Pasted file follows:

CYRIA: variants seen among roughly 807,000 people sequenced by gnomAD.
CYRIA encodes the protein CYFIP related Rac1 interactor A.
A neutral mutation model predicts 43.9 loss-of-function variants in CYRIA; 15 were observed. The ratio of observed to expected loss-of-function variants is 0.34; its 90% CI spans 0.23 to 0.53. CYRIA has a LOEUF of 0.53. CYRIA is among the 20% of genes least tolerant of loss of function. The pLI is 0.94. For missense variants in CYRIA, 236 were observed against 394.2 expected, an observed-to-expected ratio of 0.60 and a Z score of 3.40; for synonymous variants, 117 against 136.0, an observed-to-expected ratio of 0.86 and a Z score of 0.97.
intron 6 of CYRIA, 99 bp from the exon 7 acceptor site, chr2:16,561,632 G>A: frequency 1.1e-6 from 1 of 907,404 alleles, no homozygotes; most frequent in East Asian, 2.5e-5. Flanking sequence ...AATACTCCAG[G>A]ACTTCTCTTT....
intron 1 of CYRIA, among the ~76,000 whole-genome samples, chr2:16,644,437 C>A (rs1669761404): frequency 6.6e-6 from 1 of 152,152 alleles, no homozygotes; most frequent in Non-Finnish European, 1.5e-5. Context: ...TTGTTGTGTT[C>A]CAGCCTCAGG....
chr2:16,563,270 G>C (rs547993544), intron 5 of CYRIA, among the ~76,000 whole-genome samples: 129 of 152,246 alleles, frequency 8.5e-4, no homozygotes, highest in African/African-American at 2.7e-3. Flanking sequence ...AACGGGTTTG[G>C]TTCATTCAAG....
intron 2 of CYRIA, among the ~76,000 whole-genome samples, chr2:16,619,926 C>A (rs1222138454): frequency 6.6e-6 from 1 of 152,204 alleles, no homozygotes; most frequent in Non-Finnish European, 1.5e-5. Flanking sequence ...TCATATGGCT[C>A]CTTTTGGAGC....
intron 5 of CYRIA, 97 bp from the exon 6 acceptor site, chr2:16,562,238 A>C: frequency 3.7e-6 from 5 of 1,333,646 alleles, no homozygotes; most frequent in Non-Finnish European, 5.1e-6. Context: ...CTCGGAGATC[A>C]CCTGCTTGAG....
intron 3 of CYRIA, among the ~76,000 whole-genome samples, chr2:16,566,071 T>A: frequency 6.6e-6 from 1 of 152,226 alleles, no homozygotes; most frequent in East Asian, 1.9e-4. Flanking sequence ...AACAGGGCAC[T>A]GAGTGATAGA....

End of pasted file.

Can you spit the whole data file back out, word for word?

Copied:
CYRIA: variants seen among roughly 807,000 people sequenced by gnomAD.
CYRIA encodes the protein CYFIP related Rac1 interactor A.
A neutral mutation model predicts 43.9 loss-of-function variants in CYRIA; 15 were observed. The ratio of observed to expected loss-of-function variants is 0.34; its 90% CI spans 0.23 to 0.53. CYRIA has a LOEUF of 0.53. CYRIA is among the 20% of genes least tolerant of loss of function. The pLI is 0.94. For missense variants in CYRIA, 236 were observed against 394.2 expected, an observed-to-expected ratio of 0.60 and a Z score of 3.40; for synonymous variants, 117 against 136.0, an observed-to-expected ratio of 0.86 and a Z score of 0.97.
intron 6 of CYRIA, 99 bp from the exon 7 acceptor site, chr2:16,561,632 G>A: frequency 1.1e-6 from 1 of 907,404 alleles, no homozygotes; most frequent in East Asian, 2.5e-5. Flanking sequence ...AATACTCCAG[G>A]ACTTCTCTTT....
intron 1 of CYRIA, among the ~76,000 whole-genome samples, chr2:16,644,437 C>A (rs1669761404): frequency 6.6e-6 from 1 of 152,152 alleles, no homozygotes; most frequent in Non-Finnish European, 1.5e-5. Context: ...TTGTTGTGTT[C>A]CAGCCTCAGG....
chr2:16,563,270 G>C (rs547993544), intron 5 of CYRIA, among the ~76,000 whole-genome samples: 129 of 152,246 alleles, frequency 8.5e-4, no homozygotes, highest in African/African-American at 2.7e-3. Flanking sequence ...AACGGGTTTG[G>C]TTCATTCAAG....
intron 2 of CYRIA, among the ~76,000 whole-genome samples, chr2:16,619,926 C>A (rs1222138454): frequency 6.6e-6 from 1 of 152,204 alleles, no homozygotes; most frequent in Non-Finnish European, 1.5e-5. Flanking sequence ...TCATATGGCT[C>A]CTTTTGGAGC....
intron 5 of CYRIA, 97 bp from the exon 6 acceptor site, chr2:16,562,238 A>C: frequency 3.7e-6 from 5 of 1,333,646 alleles, no homozygotes; most frequent in Non-Finnish European, 5.1e-6. Context: ...CTCGGAGATC[A>C]CCTGCTTGAG....
intron 3 of CYRIA, among the ~76,000 whole-genome samples, chr2:16,566,071 T>A: frequency 6.6e-6 from 1 of 152,226 alleles, no homozygotes; most frequent in East Asian, 1.9e-4. Flanking sequence ...AACAGGGCAC[T>A]GAGTGATAGA....